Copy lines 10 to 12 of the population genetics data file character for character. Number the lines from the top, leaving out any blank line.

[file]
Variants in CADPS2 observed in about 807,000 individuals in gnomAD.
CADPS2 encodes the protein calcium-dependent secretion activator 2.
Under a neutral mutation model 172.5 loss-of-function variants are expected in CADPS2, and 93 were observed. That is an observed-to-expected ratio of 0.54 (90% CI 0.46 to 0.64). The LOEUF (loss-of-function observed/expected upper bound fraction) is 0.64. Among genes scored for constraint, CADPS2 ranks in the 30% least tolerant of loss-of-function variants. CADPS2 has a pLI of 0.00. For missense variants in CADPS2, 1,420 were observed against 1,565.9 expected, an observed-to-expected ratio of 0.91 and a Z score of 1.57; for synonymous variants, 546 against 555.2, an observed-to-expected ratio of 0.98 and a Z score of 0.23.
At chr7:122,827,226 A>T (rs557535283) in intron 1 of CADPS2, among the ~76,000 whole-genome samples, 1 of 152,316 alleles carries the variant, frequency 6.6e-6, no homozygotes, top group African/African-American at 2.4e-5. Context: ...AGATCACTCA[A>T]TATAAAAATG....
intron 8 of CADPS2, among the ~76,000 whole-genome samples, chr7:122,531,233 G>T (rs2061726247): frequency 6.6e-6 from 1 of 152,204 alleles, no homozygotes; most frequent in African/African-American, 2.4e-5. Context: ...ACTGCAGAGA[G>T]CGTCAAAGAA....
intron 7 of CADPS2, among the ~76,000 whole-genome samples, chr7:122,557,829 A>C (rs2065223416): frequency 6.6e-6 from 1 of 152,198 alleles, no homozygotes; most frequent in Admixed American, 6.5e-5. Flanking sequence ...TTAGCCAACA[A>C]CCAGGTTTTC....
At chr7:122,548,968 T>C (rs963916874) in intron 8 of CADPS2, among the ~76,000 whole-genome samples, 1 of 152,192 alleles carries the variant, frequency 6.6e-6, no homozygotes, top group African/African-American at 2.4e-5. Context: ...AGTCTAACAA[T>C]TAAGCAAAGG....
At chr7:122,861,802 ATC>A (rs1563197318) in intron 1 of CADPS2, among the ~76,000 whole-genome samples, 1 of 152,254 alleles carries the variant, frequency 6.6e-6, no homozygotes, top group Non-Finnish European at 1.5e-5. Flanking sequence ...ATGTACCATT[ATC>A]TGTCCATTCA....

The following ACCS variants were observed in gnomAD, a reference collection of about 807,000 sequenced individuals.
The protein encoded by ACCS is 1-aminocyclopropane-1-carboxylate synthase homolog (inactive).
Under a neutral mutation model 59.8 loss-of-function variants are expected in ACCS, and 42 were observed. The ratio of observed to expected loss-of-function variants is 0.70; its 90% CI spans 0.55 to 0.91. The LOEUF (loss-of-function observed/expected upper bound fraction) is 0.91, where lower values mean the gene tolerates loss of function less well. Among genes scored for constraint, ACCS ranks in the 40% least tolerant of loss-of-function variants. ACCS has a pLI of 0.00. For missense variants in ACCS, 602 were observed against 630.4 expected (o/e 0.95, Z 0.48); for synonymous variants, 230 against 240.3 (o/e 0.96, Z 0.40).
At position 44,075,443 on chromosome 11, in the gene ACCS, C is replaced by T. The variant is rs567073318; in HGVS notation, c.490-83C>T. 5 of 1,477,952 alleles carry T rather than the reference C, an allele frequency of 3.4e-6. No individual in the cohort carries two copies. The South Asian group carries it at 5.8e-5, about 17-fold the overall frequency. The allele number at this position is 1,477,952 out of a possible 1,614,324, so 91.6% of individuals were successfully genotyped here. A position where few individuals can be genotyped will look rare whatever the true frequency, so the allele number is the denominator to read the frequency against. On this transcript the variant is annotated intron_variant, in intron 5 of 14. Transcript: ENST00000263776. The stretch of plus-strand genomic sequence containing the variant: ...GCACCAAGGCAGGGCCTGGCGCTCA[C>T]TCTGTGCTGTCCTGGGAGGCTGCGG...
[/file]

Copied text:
The protein encoded by ACCS is 1-aminocyclopropane-1-carboxylate synthase homolog (inactive).
Under a neutral mutation model 59.8 loss-of-function variants are expected in ACCS, and 42 were observed. The ratio of observed to expected loss-of-function variants is 0.70; its 90% CI spans 0.55 to 0.91. The LOEUF (loss-of-function observed/expected upper bound fraction) is 0.91, where lower values mean the gene tolerates loss of function less well. Among genes scored for constraint, ACCS ranks in the 40% least tolerant of loss-of-function variants. ACCS has a pLI of 0.00. For missense variants in ACCS, 602 were observed against 630.4 expected (o/e 0.95, Z 0.48); for synonymous variants, 230 against 240.3 (o/e 0.96, Z 0.40).
At position 44,075,443 on chromosome 11, in the gene ACCS, C is replaced by T. The variant is rs567073318; in HGVS notation, c.490-83C>T. 5 of 1,477,952 alleles carry T rather than the reference C, an allele frequency of 3.4e-6. No individual in the cohort carries two copies. The South Asian group carries it at 5.8e-5, about 17-fold the overall frequency. The allele number at this position is 1,477,952 out of a possible 1,614,324, so 91.6% of individuals were successfully genotyped here. A position where few individuals can be genotyped will look rare whatever the true frequency, so the allele number is the denominator to read the frequency against. On this transcript the variant is annotated intron_variant, in intron 5 of 14. Transcript: ENST00000263776. The stretch of plus-strand genomic sequence containing the variant: ...GCACCAAGGCAGGGCCTGGCGCTCA[C>T]TCTGTGCTGTCCTGGGAGGCTGCGG...